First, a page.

Theaters are dying. Will Disney save them?

Content owners are best-suited to turn the broken movie-going experience into something enjoyable again.
August 24, 2019
A montage of Disney's castle overimposed on a photo of an empty movie theater.

Disclaimer: This article was first published on Medium in February 2018.

Theaters are dying.

Yes, they’ve enjoyed the ride, sold us all tickets — and a lot of popcorn — but the fun is over. U.S. movie ticket sales dropped 6 percent in 2017. Theater attendance is at a 24-year low. If that wasn’t enough, theaters are now fighting with MoviePass, the only player to bring them new business in years.

Fearing for their future revenues, content owners are doubling down on building their own digital platforms. In doing so, they’re hoping they can find customers where they are and use their brand power to move down the value chain as distributors. But by focusing only on digital, they’re missing an opportunity.

As movie theaters as we know them go extinct, content owners have an opportunity to seize premium retail locations, transform the movie-going experience, and finally build that special connection with consumers — and their wallets — that they so desire. At a time when everybody’s betting on digital, a physical connection may be the ultimate differentiator.

Making movie-going great again

Film exhibitors are never short of excuses for why or how they’ve come to their current situation.

The first one to come up is usually the content itself. By nature, movie theaters depend on the content produced by others. For them, a bad movie slate coming in for the season means terrible results. This is what happened in the summer of 2017, which saw a brutal fall in stock value for theater chains such as AMC, Regal or Cinemark.

Next on the list is streaming. It’s no surprise that in the SVOD era of Netflix and Amazon Prime Video, which has become synonymous with convenience and lower prices, movie theaters are having a hard time convincing people to buy a $8.93 dollar movie ticket — the average price for a ticket in North America in 2017, up 3% from 2016.

Exhibitors would rather point fingers and blame content creators for providing them with poor material and distribution platforms for stealing their customers than admit their own responsibility. So unwilling are they to look in the mirror that they have found a new culprit in Rotten Tomatoes, a crowdsourced movie review site whose Tomato Score has Hollywood trembling.

A picture of an old, destroyed movie theater.
Is this how it all ends for movie theaters? (Credits: J0S0K on Flickr)

The truth is, exhibitors can’t blame anyone but themselves. They have failed to innovate and done nothing to reinvent the movie-going experience. Instead, they fell for one gimmick after another, hoping to charge customers a premium for things like 3D glasses, premium concessions, and reclining seats. As if your movie ticket wasn’t expensive enough yet, now theaters want you to have dinner at the movies, too.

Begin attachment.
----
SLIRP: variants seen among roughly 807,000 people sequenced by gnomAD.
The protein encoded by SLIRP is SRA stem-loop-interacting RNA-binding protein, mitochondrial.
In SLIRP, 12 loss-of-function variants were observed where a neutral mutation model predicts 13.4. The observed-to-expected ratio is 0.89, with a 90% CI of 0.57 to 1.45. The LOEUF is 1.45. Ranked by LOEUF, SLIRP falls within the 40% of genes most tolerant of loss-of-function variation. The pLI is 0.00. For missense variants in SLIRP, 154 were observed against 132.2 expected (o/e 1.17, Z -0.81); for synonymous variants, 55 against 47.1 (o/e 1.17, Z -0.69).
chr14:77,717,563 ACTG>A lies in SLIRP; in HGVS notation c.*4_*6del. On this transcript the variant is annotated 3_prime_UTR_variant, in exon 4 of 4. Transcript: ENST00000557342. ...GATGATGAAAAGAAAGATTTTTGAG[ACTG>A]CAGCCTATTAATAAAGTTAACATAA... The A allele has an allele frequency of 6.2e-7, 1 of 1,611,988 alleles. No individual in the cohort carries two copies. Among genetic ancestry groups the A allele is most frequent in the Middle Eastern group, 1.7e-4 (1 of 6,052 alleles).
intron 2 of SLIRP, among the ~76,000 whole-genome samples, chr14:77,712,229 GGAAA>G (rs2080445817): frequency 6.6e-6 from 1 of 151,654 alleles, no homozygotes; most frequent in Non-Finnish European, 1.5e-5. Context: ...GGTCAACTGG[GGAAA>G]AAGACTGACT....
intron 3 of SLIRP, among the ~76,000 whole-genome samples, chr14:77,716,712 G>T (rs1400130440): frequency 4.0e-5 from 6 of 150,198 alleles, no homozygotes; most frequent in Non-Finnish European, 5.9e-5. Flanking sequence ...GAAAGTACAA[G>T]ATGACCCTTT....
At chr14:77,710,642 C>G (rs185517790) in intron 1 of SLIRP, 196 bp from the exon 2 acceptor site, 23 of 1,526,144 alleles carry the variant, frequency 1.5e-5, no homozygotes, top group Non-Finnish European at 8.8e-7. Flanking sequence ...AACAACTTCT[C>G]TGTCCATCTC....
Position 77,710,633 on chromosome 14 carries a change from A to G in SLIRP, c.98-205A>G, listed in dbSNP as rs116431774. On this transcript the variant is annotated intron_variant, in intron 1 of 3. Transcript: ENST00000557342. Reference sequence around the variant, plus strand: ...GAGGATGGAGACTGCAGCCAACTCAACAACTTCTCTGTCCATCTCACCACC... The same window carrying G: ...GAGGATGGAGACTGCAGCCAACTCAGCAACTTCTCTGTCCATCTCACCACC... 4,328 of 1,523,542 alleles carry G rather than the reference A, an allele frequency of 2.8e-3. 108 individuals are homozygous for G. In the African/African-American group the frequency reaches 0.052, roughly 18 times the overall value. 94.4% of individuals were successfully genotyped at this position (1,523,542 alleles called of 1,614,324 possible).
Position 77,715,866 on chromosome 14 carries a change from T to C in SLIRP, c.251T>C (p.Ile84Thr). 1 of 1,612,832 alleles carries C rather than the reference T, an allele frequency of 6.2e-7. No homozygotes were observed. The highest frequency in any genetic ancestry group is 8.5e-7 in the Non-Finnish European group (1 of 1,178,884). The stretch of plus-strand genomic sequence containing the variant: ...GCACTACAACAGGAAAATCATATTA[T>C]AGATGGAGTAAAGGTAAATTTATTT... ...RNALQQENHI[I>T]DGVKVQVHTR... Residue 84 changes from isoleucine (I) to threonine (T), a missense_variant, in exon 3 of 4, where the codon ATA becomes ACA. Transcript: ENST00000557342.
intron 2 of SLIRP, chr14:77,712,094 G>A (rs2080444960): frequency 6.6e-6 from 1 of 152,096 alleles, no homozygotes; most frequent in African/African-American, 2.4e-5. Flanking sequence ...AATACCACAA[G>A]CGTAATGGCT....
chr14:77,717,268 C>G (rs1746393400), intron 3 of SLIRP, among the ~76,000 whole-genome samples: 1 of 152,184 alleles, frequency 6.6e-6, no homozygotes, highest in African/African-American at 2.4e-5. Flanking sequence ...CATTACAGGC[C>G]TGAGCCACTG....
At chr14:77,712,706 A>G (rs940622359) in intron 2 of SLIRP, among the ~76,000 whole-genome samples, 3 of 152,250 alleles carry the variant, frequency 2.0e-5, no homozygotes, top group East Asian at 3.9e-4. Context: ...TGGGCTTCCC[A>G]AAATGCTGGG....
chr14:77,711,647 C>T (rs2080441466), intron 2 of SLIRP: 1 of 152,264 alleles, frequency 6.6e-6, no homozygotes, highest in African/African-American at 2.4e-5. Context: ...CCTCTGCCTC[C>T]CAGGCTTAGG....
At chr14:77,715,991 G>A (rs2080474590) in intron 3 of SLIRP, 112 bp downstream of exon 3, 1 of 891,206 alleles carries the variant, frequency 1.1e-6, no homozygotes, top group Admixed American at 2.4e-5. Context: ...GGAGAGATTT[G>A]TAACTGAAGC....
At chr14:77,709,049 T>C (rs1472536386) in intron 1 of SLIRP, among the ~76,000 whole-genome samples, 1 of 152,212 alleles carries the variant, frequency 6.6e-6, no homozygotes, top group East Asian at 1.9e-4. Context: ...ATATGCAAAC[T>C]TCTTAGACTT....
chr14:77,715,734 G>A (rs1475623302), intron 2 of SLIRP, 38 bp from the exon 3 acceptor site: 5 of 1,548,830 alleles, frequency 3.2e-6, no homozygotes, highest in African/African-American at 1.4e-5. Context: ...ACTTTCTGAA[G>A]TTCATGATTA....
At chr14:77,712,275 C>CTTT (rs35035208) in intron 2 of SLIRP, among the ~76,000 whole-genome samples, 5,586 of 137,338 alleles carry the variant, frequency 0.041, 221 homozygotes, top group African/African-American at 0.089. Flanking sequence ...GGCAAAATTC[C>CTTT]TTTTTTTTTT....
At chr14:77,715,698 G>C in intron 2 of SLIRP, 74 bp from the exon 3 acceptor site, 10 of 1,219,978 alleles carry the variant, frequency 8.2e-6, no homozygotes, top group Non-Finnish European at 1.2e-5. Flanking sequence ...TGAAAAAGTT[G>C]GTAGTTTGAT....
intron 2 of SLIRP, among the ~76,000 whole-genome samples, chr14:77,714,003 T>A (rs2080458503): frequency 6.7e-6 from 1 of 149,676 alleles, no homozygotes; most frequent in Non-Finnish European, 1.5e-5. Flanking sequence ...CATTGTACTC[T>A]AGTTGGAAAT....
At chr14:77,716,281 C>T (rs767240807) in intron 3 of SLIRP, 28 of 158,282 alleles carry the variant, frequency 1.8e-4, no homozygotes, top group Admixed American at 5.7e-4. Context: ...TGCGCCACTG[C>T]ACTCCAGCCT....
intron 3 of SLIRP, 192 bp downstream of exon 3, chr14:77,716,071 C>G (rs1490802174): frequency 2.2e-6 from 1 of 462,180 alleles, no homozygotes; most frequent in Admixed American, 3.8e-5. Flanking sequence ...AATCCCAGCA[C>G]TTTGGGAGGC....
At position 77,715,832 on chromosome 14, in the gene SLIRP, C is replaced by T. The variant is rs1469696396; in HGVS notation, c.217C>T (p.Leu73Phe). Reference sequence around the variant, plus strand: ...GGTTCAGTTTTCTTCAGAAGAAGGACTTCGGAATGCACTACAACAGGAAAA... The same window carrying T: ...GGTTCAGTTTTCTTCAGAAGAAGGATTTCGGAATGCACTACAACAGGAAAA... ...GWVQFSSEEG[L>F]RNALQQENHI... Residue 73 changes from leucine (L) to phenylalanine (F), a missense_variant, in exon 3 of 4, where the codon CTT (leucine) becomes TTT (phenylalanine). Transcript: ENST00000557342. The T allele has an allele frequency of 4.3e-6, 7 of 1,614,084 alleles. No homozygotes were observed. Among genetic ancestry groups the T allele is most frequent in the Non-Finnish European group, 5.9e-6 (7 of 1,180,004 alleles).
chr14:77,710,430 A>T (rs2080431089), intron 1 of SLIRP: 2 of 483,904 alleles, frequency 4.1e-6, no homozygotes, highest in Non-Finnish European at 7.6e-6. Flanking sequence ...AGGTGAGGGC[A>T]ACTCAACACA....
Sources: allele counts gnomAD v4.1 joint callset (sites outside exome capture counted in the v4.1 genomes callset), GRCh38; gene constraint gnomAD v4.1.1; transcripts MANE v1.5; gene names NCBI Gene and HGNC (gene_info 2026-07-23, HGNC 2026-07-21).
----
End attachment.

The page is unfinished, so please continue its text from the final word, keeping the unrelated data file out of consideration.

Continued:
At some point in time, theater chains simply stopped caring about the overall movie-going experience and started focusing on details that had but little value-add for customers. In doing so, they decidedly narrowed their own role in the value chain: they went from being a place where viewers would come to dream to being nothing more than a physical distribution platform.

Somehow, that worked for a while. Consumers had no choice but to pay, because there was no other place to watch freshly released flicks. But now streaming services have made movies available to everyone, everywhere, tech giants are distributing movies on their own terms, and theaters have lost their main currency. It seems all those fancy reclining seats weren’t enough after all.

Movies, and everything else

Is it all too late now? Or could movie exhibitors reverse the trend, regain their customers’s trust, and make their locations compelling again? If recent years are any indication, the answer is no: had they been capable of doing it, they would’ve done it already.

If theaters are the problem, the solution can only come from the outside. Our best chance to save theaters today is to put them in the hands of a major content creator, one that can leverage its own content and expertise in world-building to rejuvenate theaters themselves. And that savior’s name may be Disney.

Only a company like Disney, with a trove of IP, decades of experience running theme parks, and the capacity to bridge content and technology, has what it takes to turn the broken movie-going experience we’ve come to hate into a multifaceted discovery we’ll be ready to love.